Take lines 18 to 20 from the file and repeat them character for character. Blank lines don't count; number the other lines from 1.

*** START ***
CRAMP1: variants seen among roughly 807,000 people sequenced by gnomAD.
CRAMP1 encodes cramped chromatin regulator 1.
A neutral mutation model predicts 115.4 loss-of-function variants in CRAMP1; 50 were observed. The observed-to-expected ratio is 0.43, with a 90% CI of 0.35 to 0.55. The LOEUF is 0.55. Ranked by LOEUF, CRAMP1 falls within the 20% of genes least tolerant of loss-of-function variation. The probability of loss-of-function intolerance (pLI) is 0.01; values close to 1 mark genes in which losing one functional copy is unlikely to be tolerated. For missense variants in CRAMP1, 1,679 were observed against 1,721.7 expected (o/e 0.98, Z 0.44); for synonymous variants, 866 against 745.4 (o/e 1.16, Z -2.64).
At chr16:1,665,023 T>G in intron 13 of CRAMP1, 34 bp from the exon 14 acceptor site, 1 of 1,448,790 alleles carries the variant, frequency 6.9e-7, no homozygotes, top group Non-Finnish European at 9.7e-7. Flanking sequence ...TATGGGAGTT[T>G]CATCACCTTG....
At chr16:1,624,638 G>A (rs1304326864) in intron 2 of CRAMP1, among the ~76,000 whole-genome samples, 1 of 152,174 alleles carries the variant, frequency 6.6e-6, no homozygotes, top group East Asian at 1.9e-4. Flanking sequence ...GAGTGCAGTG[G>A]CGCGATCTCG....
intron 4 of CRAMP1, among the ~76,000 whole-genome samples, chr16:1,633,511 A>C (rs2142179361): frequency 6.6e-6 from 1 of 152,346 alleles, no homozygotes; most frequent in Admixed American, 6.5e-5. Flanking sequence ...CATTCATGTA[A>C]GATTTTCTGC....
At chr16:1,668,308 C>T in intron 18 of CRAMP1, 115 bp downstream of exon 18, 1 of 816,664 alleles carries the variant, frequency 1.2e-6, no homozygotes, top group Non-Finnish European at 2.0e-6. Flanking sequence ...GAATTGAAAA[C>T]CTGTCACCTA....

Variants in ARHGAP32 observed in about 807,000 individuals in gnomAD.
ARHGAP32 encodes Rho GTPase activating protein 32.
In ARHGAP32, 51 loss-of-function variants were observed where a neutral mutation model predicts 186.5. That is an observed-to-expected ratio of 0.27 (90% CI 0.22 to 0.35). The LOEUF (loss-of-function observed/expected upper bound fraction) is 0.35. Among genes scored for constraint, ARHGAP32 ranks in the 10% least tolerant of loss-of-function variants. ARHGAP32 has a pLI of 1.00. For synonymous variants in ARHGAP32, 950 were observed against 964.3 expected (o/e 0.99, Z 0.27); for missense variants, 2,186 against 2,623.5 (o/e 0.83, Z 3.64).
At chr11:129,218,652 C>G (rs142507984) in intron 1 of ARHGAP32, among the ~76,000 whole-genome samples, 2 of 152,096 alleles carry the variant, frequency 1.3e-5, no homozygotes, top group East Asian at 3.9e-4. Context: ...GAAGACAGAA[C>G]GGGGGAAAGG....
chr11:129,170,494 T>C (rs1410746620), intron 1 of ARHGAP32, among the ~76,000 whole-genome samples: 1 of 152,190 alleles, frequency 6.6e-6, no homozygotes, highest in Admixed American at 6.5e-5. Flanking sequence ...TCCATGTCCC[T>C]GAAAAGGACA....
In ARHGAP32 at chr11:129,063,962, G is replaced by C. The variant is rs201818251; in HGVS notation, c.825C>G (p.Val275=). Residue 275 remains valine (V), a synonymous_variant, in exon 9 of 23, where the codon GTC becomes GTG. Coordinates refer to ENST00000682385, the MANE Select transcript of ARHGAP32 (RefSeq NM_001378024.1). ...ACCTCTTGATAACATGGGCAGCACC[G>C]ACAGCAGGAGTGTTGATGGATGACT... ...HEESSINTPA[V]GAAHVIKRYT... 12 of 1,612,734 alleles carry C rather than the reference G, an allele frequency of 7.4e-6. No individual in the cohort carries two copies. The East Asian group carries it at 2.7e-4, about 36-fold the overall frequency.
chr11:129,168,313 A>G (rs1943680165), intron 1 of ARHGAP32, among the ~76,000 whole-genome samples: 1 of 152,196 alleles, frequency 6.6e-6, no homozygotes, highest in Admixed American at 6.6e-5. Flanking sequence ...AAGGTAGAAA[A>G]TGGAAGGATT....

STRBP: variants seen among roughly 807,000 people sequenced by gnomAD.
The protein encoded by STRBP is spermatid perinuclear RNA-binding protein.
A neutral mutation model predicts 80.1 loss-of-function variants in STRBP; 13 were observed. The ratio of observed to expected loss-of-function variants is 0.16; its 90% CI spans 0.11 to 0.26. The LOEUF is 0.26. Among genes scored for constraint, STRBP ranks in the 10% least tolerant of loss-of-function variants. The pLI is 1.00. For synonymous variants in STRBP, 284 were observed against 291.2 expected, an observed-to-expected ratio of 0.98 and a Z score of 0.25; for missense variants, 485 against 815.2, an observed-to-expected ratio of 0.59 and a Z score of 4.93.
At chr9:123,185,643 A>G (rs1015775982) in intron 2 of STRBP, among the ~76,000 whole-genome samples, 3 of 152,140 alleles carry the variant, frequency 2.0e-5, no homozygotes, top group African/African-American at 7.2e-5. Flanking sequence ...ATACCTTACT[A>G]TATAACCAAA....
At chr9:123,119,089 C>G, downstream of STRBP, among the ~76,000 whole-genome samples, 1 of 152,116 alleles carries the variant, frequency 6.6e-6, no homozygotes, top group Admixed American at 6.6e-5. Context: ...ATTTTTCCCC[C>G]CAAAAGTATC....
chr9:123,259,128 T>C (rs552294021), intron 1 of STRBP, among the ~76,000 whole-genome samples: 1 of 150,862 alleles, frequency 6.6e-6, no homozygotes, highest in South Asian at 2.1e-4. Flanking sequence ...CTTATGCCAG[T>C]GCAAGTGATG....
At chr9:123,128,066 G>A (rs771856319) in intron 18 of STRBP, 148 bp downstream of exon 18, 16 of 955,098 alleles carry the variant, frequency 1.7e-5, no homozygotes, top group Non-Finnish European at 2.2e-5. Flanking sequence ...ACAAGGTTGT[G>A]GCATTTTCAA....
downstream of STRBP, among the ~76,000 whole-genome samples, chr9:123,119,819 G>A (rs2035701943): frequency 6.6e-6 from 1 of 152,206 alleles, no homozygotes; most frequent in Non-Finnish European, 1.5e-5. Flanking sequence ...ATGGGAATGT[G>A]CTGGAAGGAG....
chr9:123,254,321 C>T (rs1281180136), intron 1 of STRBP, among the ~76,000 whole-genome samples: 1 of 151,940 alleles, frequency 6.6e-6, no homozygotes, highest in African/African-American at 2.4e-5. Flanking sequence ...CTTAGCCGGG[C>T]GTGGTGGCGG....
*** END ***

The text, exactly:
At chr9:123,185,643 A>G (rs1015775982) in intron 2 of STRBP, among the ~76,000 whole-genome samples, 3 of 152,140 alleles carry the variant, frequency 2.0e-5, no homozygotes, top group African/African-American at 7.2e-5. Flanking sequence ...ATACCTTACT[A>G]TATAACCAAA....
At chr9:123,119,089 C>G, downstream of STRBP, among the ~76,000 whole-genome samples, 1 of 152,116 alleles carries the variant, frequency 6.6e-6, no homozygotes, top group Admixed American at 6.6e-5. Context: ...ATTTTTCCCC[C>G]CAAAAGTATC....
chr9:123,259,128 T>C (rs552294021), intron 1 of STRBP, among the ~76,000 whole-genome samples: 1 of 150,862 alleles, frequency 6.6e-6, no homozygotes, highest in South Asian at 2.1e-4. Flanking sequence ...CTTATGCCAG[T>C]GCAAGTGATG....